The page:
Irving talked about the importance of moving to a new situation, where he felt he had a better opportunity to reach his full potential, expressing gratitude for everyone in Cleveland that had put him in a position to do so.
“That moment comes and you take full advantage of it, and there are no other ulterior reasons other than being happy and wanting to be somewhere where you feel like it’s an environment that’s conducive for you maximizing your potential as a human being, and as a player perfecting their craft” he said. “I still can’t believe just the feats that we reached in a 6-year span and I’m truly grateful and I’m thankful.”
The video, in its entirety, is a bit vague, but Irving was clearly trying to send a message of appreciation to the city that helped raise him as an NBA player. He also used it to address the criticism of his “difficult” personality.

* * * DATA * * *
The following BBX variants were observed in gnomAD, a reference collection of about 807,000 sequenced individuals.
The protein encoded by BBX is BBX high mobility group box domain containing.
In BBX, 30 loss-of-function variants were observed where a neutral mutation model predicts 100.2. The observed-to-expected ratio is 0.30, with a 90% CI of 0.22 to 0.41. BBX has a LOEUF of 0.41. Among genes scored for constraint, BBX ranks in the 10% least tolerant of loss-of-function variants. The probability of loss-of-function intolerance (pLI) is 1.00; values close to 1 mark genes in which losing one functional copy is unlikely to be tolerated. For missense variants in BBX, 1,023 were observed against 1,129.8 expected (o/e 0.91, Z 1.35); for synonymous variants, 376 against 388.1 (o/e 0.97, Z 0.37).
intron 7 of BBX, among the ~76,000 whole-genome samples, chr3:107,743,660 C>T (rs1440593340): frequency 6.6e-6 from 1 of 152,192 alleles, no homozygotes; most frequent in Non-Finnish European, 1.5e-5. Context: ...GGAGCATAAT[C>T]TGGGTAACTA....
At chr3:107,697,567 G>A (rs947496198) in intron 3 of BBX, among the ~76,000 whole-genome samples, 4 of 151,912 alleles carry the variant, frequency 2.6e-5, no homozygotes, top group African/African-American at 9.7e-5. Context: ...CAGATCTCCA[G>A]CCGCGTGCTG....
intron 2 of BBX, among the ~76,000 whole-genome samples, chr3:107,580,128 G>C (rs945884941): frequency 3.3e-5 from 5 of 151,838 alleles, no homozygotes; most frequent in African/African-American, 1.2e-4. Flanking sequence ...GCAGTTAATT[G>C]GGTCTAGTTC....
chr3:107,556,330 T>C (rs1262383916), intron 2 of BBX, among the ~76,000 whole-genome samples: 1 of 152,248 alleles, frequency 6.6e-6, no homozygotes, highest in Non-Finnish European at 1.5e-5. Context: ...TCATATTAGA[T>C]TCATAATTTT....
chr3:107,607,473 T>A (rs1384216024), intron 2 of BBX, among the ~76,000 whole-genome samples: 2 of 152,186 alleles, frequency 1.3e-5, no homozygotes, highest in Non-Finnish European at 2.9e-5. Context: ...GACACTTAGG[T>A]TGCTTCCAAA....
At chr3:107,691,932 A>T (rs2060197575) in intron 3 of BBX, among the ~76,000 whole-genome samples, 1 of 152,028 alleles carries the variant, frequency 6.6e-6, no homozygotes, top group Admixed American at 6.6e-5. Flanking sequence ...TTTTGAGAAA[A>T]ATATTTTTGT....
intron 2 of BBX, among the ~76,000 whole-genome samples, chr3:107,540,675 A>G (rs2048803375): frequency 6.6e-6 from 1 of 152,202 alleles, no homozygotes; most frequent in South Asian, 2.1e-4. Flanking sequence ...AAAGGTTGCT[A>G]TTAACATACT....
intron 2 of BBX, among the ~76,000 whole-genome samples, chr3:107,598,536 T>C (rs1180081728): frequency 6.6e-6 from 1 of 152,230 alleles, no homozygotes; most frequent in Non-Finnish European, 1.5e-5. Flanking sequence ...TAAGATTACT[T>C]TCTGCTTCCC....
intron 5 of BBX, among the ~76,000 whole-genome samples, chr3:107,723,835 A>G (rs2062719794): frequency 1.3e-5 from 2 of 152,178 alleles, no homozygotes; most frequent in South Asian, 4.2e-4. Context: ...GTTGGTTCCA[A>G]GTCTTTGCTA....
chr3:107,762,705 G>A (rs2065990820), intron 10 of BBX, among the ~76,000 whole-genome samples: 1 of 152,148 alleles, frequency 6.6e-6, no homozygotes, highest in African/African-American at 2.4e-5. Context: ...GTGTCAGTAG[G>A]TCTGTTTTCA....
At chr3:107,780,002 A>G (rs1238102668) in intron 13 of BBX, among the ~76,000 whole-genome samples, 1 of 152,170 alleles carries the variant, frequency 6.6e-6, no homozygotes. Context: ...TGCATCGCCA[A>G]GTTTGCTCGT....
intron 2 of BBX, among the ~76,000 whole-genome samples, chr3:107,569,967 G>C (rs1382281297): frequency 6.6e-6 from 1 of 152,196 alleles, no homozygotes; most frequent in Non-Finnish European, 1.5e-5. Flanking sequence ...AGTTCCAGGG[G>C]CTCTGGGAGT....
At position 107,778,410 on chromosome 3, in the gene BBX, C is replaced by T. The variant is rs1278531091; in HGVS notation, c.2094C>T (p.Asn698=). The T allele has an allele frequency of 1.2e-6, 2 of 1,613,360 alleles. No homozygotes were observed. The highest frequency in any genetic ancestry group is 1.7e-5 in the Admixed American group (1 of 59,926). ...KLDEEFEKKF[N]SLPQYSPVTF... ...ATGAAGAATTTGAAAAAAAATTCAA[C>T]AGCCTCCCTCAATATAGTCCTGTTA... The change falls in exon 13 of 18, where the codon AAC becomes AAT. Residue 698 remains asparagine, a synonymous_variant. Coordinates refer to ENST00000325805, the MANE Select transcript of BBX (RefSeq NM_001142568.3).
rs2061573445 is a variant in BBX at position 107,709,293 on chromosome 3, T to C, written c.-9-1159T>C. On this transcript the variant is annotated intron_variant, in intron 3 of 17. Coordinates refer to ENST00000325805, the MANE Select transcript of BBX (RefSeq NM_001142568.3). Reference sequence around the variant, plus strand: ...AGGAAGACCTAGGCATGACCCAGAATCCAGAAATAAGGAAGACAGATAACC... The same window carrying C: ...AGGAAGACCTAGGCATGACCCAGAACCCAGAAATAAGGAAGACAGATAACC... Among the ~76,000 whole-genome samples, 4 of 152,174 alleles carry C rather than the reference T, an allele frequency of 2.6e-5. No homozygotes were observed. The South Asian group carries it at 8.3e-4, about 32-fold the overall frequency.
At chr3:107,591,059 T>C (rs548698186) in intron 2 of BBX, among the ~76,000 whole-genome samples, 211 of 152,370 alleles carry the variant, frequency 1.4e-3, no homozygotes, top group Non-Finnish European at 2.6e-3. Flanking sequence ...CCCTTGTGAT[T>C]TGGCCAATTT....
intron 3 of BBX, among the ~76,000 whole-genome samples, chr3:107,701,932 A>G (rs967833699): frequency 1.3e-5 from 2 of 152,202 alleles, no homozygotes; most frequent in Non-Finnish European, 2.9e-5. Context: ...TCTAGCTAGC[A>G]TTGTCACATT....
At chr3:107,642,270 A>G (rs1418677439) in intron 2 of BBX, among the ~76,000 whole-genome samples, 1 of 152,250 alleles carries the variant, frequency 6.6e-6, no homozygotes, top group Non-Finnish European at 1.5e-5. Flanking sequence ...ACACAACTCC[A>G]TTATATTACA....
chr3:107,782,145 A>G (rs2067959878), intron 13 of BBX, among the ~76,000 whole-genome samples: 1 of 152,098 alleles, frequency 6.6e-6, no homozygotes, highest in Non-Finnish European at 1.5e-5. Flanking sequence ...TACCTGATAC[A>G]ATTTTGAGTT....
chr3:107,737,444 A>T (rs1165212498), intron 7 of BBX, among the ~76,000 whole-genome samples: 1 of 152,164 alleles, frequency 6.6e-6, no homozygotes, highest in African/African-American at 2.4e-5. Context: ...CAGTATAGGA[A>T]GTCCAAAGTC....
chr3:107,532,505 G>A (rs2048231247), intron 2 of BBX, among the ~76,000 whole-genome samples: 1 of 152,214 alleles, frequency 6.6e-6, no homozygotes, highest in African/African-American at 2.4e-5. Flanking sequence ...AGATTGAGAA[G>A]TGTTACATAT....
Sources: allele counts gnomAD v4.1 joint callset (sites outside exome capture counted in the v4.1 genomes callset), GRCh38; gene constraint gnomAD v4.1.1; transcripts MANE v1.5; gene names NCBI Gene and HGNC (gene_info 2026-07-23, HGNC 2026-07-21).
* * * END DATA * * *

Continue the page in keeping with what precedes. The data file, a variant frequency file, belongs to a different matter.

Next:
“I love the world, and I love people, and I love being around people,” he said. “As guarded as I am, and as everyone likes to say that I have a wall up. Spending two minutes, five minutes, asking someone genuinely about themselves is what I truly care about.”
Boston will be hoping for as much. The Celtics are betting big on Irving’s potential, on the court, in the locker room, and in the community. If he can deliver, Celtics fans’ love for him will undoubtedly match his for the world.
For his part, Irving took a step towards endearing himself to the Boston faithful, following his thank you to Cleveland with a brief clip of the NBA 2K18 video game version of himself in a Celtics uniform.
It’s not overly exciting, but the sentiment is appreciated nonetheless. Irving is attempting to get out ahead of the narrative that he’s prone to being an unhappy camper. That’s smart, especially in a city that loves to blow things out of proportion.